At high tide on a calm day, the river can be so wide and flat that it looks as if the sea has entered the city. Stood on London Bridge at high tide, I have observed the silver surface at my feet and gloried in the way it slices through London, a strand of contemplation in a busy metropolis. It flows past the key points of the city, as if posing for the postcards: the Palace of Westminster, the London Eye, City Hall. This is an extremely well-documented landscape. For centuries, writers and artists have been producing work around a seemingly endless array of Thames topics: its secret underground tributaries, its literary connections, the afterlives of its ships, docks, bridges and wharves. However, the vast majority of these explorations end long before the river does. The picture that the collective consciousness of the Thames provides looks a lot like the one from the EastEnders titles. Seen from above, it shows the great loop of the river’s meander around the Isle of Dogs and then a thin blue squiggle coming in from the top where Barking Creek joins the main channel. But then the right-hand edge of the screen slices through and awareness leaks away. The estuary is off-screen, unseen.
There are many reasons for this. The myriad stories that London holds draw focus from the rest of the Thames, crowding out the elsewhere. Then there is the problem of access: the estuary, with its marshy shores and wide expanses of water, is not particularly easy to visit, especially without a boat. A bigger obstacle, though, is its unlovely reputation. Over centuries, London has acquired the habit of displacing everything from sewage to silt to the working poor downstream. If the archetypal picturesque English landscape is like something that Capability Brown might have devised, or that E.M. Forster immortalized in his 1910 condition of England novel Howards End – a politely reticent vista of rolling green hills, interspersed with charmingly crooked farmhouses and the occasional copse – then the Thames estuary could not be more different.
As a result, it is not a landscape that has ever accrued cultural value, nor is it an obviously pleasant place to visit or walk, describe or paint. Even now that much of the pollution that used to choke the river has been removed, the estuary mud has a brackish, rotting odour. The land barely shows above the horizon, and in the murky grey light that prevails for much of the year, it is difficult to distinguish between sea, shore and sky. The remains of cooling towers, cranes and pylons dot the banks, but there are few ancient ruins that might lend historical resonance to the region. It possesses an overwhelmingly pervasive atmosphere of vacancy and purposelessness.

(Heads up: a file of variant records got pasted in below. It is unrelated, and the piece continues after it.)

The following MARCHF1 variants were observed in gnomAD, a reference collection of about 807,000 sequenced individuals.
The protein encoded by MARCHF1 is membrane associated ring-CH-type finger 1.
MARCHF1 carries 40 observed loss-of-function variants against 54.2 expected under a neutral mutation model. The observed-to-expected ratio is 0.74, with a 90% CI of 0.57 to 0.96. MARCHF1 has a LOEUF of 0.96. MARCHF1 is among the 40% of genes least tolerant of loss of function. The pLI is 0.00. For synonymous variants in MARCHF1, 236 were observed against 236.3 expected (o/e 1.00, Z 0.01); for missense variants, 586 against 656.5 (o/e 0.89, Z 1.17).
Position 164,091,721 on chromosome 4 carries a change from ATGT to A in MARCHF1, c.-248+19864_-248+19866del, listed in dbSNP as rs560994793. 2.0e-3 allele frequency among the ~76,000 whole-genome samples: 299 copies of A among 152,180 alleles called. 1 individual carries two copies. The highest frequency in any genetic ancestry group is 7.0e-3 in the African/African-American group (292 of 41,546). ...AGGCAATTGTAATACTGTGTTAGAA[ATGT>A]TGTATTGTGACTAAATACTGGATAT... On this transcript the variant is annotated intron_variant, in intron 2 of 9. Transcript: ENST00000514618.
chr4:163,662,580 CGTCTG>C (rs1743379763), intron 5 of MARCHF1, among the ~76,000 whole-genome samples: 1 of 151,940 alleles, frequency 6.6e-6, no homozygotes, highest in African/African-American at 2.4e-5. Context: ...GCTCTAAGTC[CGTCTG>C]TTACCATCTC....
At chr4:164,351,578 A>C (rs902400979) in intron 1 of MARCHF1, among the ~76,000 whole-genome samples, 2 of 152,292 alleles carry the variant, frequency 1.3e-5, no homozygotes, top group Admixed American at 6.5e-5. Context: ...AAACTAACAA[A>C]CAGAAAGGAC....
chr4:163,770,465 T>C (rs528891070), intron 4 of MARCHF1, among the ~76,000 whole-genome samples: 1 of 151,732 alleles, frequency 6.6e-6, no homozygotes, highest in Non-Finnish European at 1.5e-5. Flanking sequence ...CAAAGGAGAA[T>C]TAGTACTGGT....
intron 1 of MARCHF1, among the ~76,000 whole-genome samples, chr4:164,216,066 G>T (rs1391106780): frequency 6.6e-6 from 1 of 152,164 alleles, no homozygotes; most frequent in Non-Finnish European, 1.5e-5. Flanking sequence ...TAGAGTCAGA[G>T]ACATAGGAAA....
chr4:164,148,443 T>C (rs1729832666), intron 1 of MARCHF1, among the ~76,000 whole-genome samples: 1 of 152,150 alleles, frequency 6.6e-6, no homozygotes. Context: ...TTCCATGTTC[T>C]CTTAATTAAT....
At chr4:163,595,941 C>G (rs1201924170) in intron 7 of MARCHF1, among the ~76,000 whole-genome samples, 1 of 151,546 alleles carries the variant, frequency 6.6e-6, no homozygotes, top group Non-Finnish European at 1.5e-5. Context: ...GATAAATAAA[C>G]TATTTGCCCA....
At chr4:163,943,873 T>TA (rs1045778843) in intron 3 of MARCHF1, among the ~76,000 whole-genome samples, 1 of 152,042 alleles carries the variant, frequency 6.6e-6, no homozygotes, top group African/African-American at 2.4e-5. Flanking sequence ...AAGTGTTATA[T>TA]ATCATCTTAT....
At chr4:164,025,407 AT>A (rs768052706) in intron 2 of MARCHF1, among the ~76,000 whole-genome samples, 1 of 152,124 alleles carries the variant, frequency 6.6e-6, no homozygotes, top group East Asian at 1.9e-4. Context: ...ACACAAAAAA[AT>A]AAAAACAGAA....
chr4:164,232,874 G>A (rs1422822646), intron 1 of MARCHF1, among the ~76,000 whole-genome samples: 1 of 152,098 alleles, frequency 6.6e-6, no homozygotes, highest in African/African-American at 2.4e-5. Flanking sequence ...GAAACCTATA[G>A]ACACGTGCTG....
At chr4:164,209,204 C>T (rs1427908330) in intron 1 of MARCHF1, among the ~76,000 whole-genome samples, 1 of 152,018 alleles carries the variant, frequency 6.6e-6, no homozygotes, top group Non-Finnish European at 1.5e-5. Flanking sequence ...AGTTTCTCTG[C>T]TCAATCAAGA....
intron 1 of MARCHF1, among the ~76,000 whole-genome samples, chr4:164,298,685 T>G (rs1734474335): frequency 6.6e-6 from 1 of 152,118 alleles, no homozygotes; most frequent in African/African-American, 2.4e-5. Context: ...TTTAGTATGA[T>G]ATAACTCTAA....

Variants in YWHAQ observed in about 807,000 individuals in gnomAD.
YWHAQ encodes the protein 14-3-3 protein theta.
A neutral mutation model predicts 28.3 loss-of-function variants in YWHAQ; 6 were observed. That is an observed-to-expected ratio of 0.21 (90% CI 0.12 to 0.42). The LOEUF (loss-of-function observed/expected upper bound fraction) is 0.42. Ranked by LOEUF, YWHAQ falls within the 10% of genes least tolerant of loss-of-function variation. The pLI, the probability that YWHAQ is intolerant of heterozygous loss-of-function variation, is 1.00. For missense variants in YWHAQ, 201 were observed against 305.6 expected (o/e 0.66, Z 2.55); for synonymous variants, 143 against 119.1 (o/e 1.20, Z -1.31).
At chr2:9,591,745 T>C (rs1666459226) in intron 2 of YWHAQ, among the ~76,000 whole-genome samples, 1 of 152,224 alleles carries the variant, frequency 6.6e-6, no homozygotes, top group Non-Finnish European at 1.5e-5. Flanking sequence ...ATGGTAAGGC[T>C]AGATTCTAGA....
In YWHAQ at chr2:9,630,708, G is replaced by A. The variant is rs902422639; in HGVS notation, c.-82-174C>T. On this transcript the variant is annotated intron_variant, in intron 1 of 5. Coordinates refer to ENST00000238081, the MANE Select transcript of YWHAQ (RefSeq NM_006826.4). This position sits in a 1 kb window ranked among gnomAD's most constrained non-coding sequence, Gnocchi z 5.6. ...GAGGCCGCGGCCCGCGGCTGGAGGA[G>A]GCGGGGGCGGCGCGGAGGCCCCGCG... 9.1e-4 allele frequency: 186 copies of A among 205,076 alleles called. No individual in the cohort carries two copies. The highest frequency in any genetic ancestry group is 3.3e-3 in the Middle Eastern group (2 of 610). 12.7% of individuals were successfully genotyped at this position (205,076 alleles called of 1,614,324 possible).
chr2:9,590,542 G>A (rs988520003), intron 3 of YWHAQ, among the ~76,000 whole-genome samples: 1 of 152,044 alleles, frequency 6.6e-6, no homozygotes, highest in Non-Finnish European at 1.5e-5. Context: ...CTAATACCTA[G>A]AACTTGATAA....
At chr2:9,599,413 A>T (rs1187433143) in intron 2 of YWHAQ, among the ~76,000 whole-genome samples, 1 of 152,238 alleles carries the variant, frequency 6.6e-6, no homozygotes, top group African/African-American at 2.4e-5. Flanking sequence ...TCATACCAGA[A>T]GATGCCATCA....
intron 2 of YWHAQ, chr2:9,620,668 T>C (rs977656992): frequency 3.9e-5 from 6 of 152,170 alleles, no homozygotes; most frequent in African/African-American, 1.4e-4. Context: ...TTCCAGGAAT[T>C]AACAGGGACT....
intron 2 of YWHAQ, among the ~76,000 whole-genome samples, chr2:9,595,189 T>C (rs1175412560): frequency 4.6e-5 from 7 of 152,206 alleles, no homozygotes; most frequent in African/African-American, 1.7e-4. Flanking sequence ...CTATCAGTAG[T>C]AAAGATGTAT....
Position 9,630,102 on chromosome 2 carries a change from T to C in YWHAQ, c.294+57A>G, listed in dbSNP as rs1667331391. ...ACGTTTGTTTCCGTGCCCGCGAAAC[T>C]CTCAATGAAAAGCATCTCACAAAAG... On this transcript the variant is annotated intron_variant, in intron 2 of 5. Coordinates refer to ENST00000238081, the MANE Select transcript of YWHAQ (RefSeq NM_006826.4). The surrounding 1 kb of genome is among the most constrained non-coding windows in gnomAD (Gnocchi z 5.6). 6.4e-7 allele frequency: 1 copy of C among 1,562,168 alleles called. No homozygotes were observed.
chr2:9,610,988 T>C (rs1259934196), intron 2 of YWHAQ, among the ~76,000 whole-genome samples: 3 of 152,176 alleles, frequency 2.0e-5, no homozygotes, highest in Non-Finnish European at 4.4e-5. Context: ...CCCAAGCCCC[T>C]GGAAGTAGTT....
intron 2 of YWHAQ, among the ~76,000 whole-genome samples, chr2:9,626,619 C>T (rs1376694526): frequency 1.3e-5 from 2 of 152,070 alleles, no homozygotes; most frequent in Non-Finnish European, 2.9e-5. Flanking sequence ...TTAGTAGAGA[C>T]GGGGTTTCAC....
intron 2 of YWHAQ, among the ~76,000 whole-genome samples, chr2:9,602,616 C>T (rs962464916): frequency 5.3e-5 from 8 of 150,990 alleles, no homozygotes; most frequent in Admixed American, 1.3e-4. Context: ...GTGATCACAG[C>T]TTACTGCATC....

For Conrad, though, it is this ‘mysterious vastness’ of the outer estuary that provides the true romance of the Thames. To him, an exile from the shifting geopolitics and fluctuating national identities of eastern Europe in the late nineteenth century, its featureless expanses and lonely shores are to be revered, not reviled. It is a place of potential, where journeys begin with the promise of ‘every possible fruition to adventurous hopes’. His estuary is both a modern, industrial space and a ghostly wasteland peopled by the shades of those who sailed here in years past: the Vikings, the Romans and the early Britons. His imagination delighted in populating this bare landscape with possible pasts and futures. With the eyes of an immigrant and a sailor, unencumbered by English preconceptions of landscape, he saw beauty. Joseph Conrad had inhabited many roles: as the son of a noted Polish political revolutionary; as a trainee teenage sailor in France; as a despairing debtor; as a master mariner in the British merchant service; and as an émigré novelist. ‘It is an extraordinary sequence of lives, made doubly remarkable because none of its lines appear to flow into each other,’ his biographer Frederick R. Karl wrote. ‘His life becomes like a plotted novel, full of seeming inexplicables.’
When illness ended his twenty-year career at sea, Conrad’s final passage brought him through the estuary one last time, before he disembarked in the London docks to make his permanent home in Britain. The estuary is an in-between space, neither one thing nor the other. For this reason, it holds great attraction for the rootless. To my family, it rapidly came to feel like home.
Artwork © Emily Faccini